A recent study (2009) from the Human Capital Institute (HCI) found that chat/IM and communities of practice were the most common tools with 54% of survey respondents. Over 30% also reported using blogs, wikis, or threaded discussions (Schweyer, 2009). Interestingly, when HCI surveyed people of different generations, they found that while some prefer one tool over another, very similar preferences were indicated by “Boomer” and “Millenial” workers. Over 70% in each group preferred to learn from others on the web instead of using other training methods, and about a third selected communities of practice as the way to do it. Perhaps not surprisingly then, companies in the study reported connecting and engaging employees, and faster and more effective knowledge transfer as the benefits identified by companies in the study. Given this level of popularity, it is important to note that “best practices in using these tools within organizations for business purposes have yet to be established. There is no generally accepted model for their implementation or standard set of metrics for measuring ROI. Nor is it clear who should oversee them within organizations” (Schweyer, 2009 p. 1). This lack of clear standards, expectations or oversight may be the reason why many in the study indicated that security and monitoring are their top concern.

One way to address the need for standards and expectations is to generate them from within the community. In their 2004 book Learning To Fly: Practical Knowledge Management from Leading And Learning Organizations Chris Collison and Geoff Parcell suggest that communities of practice, draft a “charter” collectively. A charter may include the rationale and scope for the network, description of the key roles (facilitator, sponsor etc.), expectations in terms of people’s time commitment, a “code of conduct” or norms for how members will work together (Collison & Parcell, 2004).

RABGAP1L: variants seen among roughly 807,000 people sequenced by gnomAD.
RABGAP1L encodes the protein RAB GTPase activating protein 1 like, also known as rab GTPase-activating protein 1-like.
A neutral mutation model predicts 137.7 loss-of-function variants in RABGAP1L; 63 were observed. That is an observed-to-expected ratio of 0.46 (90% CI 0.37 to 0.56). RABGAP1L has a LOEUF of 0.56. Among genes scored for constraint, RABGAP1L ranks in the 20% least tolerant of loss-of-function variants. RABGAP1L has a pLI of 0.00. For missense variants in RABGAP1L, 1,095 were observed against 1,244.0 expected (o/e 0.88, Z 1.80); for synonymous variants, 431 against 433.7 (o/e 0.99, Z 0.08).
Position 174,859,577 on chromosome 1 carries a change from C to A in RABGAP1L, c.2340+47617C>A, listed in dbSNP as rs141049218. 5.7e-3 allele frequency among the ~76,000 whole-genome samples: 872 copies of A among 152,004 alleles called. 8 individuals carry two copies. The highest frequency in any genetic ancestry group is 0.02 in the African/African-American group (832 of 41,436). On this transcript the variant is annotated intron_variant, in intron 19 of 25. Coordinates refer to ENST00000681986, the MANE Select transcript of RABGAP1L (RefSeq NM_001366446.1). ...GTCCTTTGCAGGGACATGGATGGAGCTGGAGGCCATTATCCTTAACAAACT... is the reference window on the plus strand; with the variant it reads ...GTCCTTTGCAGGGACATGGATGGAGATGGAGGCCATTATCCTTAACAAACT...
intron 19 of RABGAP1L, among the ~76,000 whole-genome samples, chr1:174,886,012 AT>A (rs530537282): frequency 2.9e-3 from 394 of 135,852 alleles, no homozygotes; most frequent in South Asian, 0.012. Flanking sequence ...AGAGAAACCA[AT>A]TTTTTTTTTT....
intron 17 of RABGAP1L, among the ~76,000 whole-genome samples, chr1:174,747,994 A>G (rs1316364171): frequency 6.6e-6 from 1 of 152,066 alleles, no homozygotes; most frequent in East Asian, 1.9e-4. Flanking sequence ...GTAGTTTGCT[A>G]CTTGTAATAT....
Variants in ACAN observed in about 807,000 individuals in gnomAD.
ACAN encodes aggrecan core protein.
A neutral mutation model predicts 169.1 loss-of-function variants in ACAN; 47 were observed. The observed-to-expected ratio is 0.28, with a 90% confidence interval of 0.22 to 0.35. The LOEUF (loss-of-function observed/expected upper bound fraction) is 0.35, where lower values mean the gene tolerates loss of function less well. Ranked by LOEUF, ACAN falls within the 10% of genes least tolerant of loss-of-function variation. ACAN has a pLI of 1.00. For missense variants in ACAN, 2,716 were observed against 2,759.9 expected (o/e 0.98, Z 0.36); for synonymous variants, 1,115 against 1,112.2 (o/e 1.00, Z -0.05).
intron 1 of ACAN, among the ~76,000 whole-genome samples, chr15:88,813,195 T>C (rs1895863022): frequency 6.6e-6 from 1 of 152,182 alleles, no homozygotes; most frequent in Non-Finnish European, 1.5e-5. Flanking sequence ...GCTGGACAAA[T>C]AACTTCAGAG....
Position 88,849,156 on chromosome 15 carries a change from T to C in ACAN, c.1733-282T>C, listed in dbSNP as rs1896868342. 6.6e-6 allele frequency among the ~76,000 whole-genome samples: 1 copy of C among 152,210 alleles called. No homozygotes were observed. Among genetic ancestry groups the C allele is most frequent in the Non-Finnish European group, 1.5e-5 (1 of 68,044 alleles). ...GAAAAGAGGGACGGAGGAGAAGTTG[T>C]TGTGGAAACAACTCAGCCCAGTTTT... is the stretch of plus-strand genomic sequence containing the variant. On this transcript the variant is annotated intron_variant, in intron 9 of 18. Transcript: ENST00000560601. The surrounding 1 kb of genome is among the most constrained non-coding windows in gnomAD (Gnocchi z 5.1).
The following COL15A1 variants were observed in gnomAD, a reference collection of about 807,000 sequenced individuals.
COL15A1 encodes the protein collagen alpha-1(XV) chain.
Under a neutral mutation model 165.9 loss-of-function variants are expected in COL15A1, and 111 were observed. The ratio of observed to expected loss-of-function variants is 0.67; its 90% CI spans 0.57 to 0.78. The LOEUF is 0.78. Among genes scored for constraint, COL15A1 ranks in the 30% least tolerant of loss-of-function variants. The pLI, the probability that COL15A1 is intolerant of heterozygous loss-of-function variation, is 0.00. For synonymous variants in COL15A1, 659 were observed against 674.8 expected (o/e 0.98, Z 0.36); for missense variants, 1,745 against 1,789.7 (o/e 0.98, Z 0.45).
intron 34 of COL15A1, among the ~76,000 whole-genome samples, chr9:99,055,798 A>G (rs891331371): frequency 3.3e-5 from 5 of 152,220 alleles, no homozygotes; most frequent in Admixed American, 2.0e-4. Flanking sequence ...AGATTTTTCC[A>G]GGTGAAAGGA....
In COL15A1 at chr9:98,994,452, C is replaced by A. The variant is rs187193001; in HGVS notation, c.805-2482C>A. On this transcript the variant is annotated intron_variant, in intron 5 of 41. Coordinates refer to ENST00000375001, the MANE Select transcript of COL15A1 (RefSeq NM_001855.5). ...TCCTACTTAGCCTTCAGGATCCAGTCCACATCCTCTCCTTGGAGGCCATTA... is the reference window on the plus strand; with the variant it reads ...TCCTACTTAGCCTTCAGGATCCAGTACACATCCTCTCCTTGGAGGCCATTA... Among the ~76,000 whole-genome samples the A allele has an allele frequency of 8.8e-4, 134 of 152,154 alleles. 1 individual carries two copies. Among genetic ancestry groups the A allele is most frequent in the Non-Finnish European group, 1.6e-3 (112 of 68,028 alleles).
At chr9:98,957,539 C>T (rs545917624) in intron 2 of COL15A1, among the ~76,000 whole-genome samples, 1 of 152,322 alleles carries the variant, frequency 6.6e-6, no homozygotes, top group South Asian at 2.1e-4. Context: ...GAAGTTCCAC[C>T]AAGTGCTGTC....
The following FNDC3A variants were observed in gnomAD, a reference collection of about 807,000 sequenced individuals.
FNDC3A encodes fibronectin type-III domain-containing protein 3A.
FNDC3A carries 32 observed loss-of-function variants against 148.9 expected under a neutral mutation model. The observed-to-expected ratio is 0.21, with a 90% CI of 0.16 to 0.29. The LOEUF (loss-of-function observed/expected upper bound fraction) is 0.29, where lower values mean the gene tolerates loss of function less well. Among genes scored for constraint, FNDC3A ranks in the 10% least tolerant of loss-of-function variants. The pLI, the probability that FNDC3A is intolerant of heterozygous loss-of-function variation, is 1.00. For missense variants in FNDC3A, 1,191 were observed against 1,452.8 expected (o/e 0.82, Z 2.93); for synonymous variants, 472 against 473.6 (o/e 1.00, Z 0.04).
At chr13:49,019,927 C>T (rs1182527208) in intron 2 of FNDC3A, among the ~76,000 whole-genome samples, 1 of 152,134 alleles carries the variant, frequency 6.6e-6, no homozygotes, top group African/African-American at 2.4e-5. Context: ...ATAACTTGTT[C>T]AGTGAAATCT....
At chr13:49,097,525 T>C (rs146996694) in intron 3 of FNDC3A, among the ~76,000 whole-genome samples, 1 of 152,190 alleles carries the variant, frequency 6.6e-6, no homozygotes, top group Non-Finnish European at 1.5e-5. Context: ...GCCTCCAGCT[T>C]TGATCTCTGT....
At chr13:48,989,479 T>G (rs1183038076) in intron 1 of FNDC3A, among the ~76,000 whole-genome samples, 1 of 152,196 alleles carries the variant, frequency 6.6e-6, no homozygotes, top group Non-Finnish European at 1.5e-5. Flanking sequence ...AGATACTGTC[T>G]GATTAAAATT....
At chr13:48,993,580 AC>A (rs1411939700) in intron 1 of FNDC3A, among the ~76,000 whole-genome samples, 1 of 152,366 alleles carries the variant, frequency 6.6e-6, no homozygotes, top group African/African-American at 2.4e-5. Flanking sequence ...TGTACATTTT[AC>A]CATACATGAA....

Technologies keep changing and the devices we use to connect with them are increasingly varied and mobile. Behind each monitor, whether 2” or 20”, is a person with knowledge to share, decisions to make, and questions they hope to answer. In response, within and beyond organizations, virtual communities will continue change shape and evolve. Use the comment area to share your thoughts and experiences. How are you building cooperative ways to share, learn and interact with others in your company, or in your personal and social life?

Join in this discussion or check out the discussion on HRM the Journal.

Thinking about the intellectual property and privacy issues related to online exchange? See the book review: Untangling Intellectual Property Law for the Digital Age

Collison, C., & Parcell, G. (2004). Learning to fly: Practical knowledge management from leading and learning organizations (Second ed.). West Sussex: Wiley.
Rheingold, H. (2000). The virtual community: Homesteading on the electronic frontier (Second ed.). Cambridge: MIT Press.
Schweyer, A. (2009). Leveraging social networking & Web 2.0 collaboration tools in enterprises. Washington, DC: Human Capital Institute.

ROI Institute

Money is tight, many jobs have been lost across all sectors of the economy, across the globe. Organizations must make difficult choices and show results on any investment– including investments in human capital. The ROI Institute, Inc., offers a methodology organizations can use to collect the data and make decisions. Dr. Patti P. Phillips, president and CEO of the ROI Institute, shares her experience and expertise with Organizational Perspectives in an interview and a webinar. Three of her books are also reviewed here.

What are your experiences? In these tough economic times, how is success determined by decision-makers in your organization? Post your comments!